Spalding Guardian Gardening 3 May 2012
When we acquired the Patch in 1990, it was, and still is, our intention to increase the wildlife that was sadly lacking there 20 years ago.
First we planted berrying and nut-producing trees that would benefit a wide range of birds and animals. A decade ago we planted the native saplings that have, albeit more slowly that we would have liked, become to resemble the woodland that is so necessary in this area. We have sown and planted wildflower areas that are now a sea of cowslip yellow and bluebells, and seen the bee, butterfly and other beneficial insect population increase enormously, and there is now an establishing hedge of indigenous shrub species, including wild cherry, crab apple, hazel, sloe, alder, hawthorn, native roses, guelder rose, oak, beech and hornbeam around three sides of the field.
This year we have seen the first signs of nesting in this hedge – the birds beat me to it when it needed a trim, so I will have to do the job in the autumn to avoid disturbing our new residents.
I keep all pesticides and weedkillers away from this project; in the beginning viburnum beetle, couch grass and other beasties threatened to wreck our good intentions, but now that the beneficial wildlife population has taken over and the hedge has begun to smother the unwanted herbage at its base, these kinds of problems are diminishing to a tolerable level.
We are lucky in that we have a large area in which to create such a haven, but anyone with even a tiny garden can create a similar sanctuary – it doesn’t need to be covered with nettles or old fridges and redundant carpet to bring all kinds of wildlife to your back door; just plant food and shelter and lay off the pesticides as much as possible and you will soon notice a difference.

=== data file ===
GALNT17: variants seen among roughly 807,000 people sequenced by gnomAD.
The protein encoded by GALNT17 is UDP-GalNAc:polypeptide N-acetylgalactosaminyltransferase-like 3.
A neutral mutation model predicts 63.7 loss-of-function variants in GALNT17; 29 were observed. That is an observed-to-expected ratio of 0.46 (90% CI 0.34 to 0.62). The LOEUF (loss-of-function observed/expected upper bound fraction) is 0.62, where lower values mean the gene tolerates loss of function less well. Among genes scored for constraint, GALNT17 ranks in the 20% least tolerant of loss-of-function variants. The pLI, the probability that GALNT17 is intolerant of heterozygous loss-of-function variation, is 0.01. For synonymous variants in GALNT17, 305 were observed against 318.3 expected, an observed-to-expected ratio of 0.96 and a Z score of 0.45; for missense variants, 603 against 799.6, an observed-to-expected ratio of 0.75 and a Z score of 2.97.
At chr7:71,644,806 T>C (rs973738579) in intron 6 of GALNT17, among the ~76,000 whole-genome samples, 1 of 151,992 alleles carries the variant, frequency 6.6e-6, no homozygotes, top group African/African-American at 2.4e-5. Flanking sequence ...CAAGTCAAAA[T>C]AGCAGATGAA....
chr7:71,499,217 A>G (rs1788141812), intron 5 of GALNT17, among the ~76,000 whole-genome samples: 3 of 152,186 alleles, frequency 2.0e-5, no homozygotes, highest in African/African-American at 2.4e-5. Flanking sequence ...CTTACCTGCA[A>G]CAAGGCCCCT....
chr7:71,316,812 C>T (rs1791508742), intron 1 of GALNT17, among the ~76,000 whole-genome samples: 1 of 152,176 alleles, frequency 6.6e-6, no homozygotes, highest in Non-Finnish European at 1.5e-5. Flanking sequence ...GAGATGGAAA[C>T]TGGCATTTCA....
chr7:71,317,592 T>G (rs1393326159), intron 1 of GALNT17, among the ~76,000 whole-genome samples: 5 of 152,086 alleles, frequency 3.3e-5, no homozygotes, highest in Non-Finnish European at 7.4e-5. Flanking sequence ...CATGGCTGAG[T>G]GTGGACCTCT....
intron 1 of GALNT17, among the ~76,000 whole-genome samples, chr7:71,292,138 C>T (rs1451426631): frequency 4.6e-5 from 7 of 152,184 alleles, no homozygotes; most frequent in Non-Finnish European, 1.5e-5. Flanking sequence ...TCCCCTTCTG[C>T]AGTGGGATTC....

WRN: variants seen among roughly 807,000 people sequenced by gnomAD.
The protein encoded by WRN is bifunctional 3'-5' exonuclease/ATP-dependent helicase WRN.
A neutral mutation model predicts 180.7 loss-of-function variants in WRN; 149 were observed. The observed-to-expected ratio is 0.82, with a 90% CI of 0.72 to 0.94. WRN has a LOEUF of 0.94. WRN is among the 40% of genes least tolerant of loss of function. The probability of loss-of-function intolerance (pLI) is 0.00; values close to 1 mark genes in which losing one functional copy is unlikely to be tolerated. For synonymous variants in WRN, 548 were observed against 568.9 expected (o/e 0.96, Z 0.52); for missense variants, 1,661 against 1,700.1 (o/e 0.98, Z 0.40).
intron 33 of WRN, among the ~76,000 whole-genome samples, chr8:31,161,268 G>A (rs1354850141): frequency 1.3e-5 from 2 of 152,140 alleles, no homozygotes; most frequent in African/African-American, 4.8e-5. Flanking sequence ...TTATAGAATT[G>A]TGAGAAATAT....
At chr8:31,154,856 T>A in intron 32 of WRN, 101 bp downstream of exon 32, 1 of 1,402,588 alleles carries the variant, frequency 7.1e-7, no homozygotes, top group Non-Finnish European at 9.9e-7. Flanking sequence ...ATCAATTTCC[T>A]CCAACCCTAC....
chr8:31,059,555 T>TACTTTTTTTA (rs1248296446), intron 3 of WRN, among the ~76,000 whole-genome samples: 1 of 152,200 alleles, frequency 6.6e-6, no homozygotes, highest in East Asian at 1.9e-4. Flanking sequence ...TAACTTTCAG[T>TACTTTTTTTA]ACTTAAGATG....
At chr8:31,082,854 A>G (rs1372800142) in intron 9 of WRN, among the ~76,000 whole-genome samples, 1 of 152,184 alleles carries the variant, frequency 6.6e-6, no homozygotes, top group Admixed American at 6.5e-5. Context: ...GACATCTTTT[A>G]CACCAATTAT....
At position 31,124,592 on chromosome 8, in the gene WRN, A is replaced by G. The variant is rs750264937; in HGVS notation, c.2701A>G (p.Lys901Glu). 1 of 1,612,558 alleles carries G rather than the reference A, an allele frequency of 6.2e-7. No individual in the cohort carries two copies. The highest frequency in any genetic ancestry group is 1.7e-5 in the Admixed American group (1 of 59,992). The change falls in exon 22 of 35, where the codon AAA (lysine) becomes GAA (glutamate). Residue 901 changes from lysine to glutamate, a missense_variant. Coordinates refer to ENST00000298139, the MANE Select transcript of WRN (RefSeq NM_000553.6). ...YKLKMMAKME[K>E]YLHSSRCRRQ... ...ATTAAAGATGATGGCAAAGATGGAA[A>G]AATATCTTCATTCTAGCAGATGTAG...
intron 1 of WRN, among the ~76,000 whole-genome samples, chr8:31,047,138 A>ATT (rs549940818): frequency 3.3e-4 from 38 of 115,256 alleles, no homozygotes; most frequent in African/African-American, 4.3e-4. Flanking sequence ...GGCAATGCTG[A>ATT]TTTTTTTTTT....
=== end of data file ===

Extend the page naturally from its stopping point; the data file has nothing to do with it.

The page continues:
You can imagine my horror on discovering this weekend that whoever has sprayed herbicide on a neighbouring field has managed, not only to rid the shared dyke of ‘weeds’, but has caught a section of our hedge and the grassed ride in front of it as well, which are now turning delicate shades of brown and cream. I know not what the chemical was, so it will be some time before I find out whether or not this careless spraying has put paid to a part of our project that has taken so long to establish; I have my fingers crossed that because we have had so much rain recently, the damaged area will recover; perhaps anyone using agrochemicals (which I am not licenced to use, nor wish to) might enlighten me on what would be used on brassicas and whether there is a chance of recovery.
I am not anti-pesticides in the right place, either on an agricultural scale or in the garden – I saw the first signs of blackspot on my roses this morning and I shall take careful steps to ensure they aren’t completely bald by high summer - but I would appeal to anyone using them to remember the neighbours – consider that they would probably prefer to have control over what lands on their plants and in their ponds, and use them with care and consideration. It is our duty while we have the privilege to be alive to conserve for the generations to come what Nature has given us; careless management today means so much less to pass on tomorrow.
This piece originally appeared in the Spalding Guardian